When writing professionally, Lori Waxman does what most art critics do: She walks through a gallery when it's quiet, takes notes in secret, returns home and e-mails a review to her editor.

When writing professionally, Lori Waxman does what most art critics do: She walks through a gallery when it's quiet, takes notes in secret, returns home and e-mails a review to her editor.

To an artist putting work on display, it can seem like a mysterious, often unfair process. So Waxman decided to change everything.

In a traveling performance piece titled "60 Wrd/Min Art Critic," she sets up an office at a local gallery and writes 200-word reviews of whatever comes through the door. All barriers are cast aside, leaving her as vulnerable as those she critiques for The Chicago Tribune, ArtForum and other pubs.

Click to read "60 Wrd/Min Art Critic"

"It's very uncomfortable, actually, but that's part of it," Waxman said Friday at ROY G BIV, the gallery she visited in Columbus. "Critics normally work in a very sequestered, very private, very protected kind of way. You don't even know what they look like."

Waxman was on full display last weekend, working at a desk while artists and staff milled through the Short North gallery. Artists were given the chance to make a short presentation before a review, and Waxman's work was broadcast on a computer monitor as she typed in real time.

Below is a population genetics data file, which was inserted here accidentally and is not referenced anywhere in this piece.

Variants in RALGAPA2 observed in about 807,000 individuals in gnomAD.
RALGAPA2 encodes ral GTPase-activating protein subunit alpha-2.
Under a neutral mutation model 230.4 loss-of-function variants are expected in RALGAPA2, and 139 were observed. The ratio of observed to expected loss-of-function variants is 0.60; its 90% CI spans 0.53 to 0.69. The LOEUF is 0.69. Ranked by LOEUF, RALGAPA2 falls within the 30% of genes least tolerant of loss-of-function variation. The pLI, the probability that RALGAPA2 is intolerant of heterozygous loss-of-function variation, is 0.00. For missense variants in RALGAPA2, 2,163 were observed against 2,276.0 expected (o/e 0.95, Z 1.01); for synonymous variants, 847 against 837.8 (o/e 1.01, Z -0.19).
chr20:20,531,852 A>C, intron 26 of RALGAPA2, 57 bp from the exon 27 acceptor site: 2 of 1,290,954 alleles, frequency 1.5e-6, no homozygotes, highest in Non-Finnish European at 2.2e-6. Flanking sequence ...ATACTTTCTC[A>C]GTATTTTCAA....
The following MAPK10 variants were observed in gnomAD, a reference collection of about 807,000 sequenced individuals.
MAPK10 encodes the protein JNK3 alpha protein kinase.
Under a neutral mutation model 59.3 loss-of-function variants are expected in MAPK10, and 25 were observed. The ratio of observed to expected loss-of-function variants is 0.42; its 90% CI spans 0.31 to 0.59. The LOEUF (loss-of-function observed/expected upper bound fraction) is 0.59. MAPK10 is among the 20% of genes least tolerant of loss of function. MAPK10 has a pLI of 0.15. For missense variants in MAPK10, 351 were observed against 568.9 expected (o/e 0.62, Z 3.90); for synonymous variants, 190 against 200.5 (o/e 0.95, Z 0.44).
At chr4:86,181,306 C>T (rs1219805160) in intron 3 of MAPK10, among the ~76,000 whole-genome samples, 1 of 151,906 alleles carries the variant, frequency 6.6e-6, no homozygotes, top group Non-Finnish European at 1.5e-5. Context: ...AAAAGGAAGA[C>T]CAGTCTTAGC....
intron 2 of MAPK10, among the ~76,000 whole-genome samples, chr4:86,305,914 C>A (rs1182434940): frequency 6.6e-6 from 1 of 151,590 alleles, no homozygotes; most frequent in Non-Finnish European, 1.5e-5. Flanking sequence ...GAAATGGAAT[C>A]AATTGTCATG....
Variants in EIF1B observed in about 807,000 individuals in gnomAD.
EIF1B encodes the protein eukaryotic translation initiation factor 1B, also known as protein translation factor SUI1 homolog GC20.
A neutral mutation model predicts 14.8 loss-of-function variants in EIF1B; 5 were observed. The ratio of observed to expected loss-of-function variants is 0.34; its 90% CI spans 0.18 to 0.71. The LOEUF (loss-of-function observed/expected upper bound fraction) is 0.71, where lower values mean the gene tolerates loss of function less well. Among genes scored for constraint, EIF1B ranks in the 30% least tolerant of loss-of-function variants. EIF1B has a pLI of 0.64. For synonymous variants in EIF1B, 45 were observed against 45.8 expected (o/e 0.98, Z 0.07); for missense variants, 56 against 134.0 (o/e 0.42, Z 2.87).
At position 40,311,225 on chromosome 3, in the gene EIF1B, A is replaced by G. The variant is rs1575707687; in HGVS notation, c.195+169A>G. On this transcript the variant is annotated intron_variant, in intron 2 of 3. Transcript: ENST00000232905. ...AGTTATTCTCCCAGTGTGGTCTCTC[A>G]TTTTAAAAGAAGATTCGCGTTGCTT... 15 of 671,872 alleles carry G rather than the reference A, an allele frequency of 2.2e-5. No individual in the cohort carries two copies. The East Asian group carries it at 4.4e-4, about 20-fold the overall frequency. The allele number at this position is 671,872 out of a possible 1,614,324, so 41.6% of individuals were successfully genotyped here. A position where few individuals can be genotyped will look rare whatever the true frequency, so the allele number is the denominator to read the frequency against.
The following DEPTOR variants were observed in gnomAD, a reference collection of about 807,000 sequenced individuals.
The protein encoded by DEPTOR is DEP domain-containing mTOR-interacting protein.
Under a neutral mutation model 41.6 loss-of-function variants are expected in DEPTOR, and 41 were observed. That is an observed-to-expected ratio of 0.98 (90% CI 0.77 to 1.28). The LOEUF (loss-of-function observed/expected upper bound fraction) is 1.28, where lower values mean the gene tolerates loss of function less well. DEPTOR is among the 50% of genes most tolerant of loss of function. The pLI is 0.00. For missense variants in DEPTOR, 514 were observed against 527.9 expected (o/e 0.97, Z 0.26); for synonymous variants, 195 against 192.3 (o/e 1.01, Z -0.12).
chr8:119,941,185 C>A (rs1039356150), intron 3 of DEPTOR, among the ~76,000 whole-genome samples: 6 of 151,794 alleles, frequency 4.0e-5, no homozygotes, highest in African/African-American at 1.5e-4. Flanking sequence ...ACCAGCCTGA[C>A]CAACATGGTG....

Reviews and the pieces will be on display through March 27.

"In this performance, I actually put myself out in public and open it up," Waxman added. "The performance is me sort of challenging myself. Can I take what I give?"

Waxman guarantees thoughtful, though not always positive, reviews. Friday's session included write-ups of sculpture, paintings, drawings, photographs and short videos.

"I find it intellectually interesting," said Kevin Vanscoder, a ROY G BIV volunteer who acted as Waxman's secretary during her Columbus stint. "It's also been really fun. People sitting and nervously waiting - it's like parents waiting for their kids to be born."

Some artists were glued to the monitor, hoping for positive feedback. Others couldn't bear to watch.

"I'm always curious about how people react to my work," said Scott Galloway, a professional artist from Worthington who submitted a digital photo montage for critique. "When you have stuff hanging on a wall, it's kind of detached."

In addition to a rare glimpse into the critic's creative process, many artists were given a professional review to put in their portfolio. That could be a big boost to artists like Clintonville sculptor Joe Mitchell, who's gotten only a few short reviews from community weeklies.

"She gives me some name recognition that I can put into my marketing materials," Mitchell said.